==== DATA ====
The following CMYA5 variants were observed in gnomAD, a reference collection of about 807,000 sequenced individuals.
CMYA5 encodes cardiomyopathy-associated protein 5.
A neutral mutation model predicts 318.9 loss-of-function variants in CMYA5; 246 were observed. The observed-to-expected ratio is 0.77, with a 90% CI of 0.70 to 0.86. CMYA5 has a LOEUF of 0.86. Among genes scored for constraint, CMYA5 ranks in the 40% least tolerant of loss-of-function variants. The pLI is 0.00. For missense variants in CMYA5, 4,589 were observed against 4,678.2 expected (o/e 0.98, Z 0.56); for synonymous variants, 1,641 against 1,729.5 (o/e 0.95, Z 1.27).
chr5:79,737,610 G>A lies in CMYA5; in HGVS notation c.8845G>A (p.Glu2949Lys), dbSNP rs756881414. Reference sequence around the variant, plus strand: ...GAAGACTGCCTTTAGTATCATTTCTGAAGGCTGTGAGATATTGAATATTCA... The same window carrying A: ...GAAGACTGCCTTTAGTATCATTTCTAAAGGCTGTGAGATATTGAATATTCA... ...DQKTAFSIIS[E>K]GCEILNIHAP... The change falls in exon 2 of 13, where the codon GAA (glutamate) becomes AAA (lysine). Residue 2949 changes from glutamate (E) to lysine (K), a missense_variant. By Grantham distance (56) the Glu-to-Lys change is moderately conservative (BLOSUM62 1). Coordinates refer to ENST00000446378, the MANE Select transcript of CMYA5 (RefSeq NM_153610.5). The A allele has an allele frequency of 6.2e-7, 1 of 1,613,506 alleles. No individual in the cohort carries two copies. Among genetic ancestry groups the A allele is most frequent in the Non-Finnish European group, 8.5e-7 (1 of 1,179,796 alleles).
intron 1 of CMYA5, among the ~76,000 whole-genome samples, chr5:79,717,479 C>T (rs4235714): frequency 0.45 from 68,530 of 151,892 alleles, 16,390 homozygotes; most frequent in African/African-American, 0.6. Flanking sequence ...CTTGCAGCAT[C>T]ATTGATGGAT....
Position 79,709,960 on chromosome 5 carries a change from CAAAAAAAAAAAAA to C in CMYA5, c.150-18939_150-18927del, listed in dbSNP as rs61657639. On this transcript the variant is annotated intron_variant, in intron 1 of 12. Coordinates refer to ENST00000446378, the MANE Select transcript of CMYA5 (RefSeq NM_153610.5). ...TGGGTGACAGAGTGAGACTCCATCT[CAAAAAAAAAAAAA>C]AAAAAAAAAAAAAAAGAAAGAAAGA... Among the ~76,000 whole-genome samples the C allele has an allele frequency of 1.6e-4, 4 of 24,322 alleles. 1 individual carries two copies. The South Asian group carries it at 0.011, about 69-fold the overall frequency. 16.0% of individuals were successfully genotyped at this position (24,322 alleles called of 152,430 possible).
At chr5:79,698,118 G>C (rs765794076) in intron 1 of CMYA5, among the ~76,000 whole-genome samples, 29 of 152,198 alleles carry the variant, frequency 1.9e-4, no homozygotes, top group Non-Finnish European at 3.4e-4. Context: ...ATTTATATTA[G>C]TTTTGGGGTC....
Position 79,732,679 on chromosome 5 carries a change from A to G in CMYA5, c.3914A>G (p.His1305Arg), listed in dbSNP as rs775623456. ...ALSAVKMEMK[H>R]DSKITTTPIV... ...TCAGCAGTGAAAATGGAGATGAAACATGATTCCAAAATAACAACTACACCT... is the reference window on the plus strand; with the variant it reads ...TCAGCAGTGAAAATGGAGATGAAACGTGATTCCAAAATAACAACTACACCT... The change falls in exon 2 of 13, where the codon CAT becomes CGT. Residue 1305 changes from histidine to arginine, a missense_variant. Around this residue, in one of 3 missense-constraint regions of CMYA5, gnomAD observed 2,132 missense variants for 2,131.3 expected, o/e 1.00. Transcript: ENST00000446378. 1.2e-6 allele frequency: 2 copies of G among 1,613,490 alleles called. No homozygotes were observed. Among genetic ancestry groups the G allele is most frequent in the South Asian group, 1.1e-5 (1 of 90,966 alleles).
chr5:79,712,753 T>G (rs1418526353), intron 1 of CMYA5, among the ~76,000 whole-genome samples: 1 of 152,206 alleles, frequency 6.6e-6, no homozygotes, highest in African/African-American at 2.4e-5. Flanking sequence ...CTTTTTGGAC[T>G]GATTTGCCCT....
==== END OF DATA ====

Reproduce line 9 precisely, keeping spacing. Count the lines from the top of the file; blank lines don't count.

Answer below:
chr5:79,712,753 T>G (rs1418526353), intron 1 of CMYA5, among the ~76,000 whole-genome samples: 1 of 152,206 alleles, frequency 6.6e-6, no homozygotes, highest in African/African-American at 2.4e-5. Flanking sequence ...CTTTTTGGAC[T>G]GATTTGCCCT....